Leading Formula 1 team bosses on Thursday joined in urging an end to Ferrari’s traditional power of veto on any rule changes in the sport.
Christian Horner of Red Bull, Claire Williams of Williams, Zak Brown of McLaren and Cyril Abiteboul of Renault all supported suggestions that the veto, held by Ferrari for decades as a means to retain the famous Italian marque’s involvement, was no longer an acceptable part of a modern global sport.
The four spoke during a team chiefs’ news briefing after practice at the Monaco Grand Prix. They were responding to Ferrari team principal Mattia Binotto’s recent suggestion that the veto served ” to protect all the teams.”
Horner said the veto was “outdated”, adding “you can say ‘ok, it’s a safety net for them representing the teams’, but, ultimately, they are representing Ferrari.
“So, probably, if we are going for a clean sheet of paper, it would make sense for it not to be there and to have the same rules for everyone.”
Williams, who is deputy team principal of her family’s racing business, said she felt it was time for radical changes in the sport’s structure.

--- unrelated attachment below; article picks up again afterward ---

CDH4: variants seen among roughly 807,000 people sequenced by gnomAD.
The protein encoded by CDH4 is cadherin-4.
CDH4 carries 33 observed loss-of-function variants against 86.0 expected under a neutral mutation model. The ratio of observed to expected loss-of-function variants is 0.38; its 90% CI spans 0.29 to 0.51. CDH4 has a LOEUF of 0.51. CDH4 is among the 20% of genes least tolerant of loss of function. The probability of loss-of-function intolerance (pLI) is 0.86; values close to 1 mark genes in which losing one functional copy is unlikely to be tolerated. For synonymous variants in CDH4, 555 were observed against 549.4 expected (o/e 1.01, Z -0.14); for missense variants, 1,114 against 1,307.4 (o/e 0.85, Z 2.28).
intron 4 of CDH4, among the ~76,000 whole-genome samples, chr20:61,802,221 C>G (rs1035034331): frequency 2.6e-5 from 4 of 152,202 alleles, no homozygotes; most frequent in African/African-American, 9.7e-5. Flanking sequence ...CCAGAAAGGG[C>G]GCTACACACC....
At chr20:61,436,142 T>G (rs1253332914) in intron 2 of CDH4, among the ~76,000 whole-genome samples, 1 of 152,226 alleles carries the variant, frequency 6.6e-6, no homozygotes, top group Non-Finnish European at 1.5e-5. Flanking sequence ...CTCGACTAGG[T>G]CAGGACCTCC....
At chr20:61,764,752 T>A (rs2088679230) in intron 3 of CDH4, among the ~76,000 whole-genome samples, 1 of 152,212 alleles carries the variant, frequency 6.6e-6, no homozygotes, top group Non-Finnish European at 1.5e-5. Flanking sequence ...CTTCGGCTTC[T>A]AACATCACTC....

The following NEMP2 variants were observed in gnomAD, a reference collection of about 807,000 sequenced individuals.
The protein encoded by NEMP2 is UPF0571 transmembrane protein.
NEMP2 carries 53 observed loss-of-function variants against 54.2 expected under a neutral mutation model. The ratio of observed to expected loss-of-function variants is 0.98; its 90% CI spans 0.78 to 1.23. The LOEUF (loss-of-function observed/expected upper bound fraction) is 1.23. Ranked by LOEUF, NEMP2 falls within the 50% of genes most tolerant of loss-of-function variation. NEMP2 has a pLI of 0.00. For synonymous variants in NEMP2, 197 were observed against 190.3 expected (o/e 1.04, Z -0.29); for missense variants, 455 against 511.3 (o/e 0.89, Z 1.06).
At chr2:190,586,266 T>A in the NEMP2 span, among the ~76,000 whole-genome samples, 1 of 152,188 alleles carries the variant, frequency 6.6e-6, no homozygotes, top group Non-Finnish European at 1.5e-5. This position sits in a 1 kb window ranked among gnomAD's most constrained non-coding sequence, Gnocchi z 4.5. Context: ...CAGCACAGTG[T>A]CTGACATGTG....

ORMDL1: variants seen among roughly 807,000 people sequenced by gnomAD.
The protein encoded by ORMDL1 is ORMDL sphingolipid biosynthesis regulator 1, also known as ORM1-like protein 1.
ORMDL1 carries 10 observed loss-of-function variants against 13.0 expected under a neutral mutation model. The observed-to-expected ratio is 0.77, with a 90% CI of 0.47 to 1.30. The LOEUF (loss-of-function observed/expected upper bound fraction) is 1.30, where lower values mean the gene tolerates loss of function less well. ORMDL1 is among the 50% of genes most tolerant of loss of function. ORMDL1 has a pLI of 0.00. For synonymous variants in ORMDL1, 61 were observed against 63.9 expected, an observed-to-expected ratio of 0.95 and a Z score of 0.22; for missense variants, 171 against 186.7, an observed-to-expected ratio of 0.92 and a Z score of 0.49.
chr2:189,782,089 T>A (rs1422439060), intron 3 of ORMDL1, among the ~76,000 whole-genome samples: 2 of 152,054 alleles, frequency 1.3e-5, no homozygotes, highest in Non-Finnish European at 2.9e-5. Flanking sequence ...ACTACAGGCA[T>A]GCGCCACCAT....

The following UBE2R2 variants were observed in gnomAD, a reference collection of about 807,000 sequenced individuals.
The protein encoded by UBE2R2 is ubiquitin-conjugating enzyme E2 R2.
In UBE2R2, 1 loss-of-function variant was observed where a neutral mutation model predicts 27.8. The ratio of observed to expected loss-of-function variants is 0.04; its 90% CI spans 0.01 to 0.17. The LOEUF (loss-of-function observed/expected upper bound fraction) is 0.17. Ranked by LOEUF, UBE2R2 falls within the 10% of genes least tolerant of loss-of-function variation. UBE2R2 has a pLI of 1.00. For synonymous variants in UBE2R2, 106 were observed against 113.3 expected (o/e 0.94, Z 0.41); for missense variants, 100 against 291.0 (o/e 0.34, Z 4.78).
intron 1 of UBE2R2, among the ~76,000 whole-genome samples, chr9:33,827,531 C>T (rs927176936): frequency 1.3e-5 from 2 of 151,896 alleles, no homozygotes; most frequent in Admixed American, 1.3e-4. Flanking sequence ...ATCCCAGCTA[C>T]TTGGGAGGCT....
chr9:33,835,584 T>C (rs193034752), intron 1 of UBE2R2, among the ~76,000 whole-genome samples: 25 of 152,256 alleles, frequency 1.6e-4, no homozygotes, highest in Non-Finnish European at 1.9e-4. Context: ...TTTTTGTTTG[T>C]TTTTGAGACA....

“I think it’s just silly, if I can be honest,” she said. “I have a problem in our sport anyway in the fact that I feel it is far too democratic. And I really don’t feel that one team should have a right, a veto. That makes no sense to me at all.
“I feel that F1 and the FIA should take more ownership of the regulations. We run it in too much of a collegiate way, which is detrimental when we all have our own agendas.
“We need to be looking at this sport and its sustainability into the future and protecting it and protecting the true DNA of that. Doing that by committee, I think, can be very difficult…”
Brown said he felt each team had its own interests, adding that the sport’s owners, Formula 1, were ultimately in control of what was in the best interests for all involved, “Ferrari bring a tremendous amount to the sport, that can be recognised in other ways.”
Horner added: “That veto was put in place from my understanding years and years ago to stop regulation changes. Ferrari had V12 engines and they didn’t suddenly want that vetoed.
“There were all these British ‘garagiste’ teams then coming into the sport, but that was in the sixties and things have obviously moved on…”
Abiteboul said: “I think we need Formula 1 to be progressive rather than defensive and that the ability to block due process can be perceived or decided, to be a positive for the sport is probably not good.
“Having said that, we completely recognise the specific value of Ferrari to the sport, but which can be reflected probably in the commercial agreement and not in the governance.”
Big Question: How important is Ferrari to F1?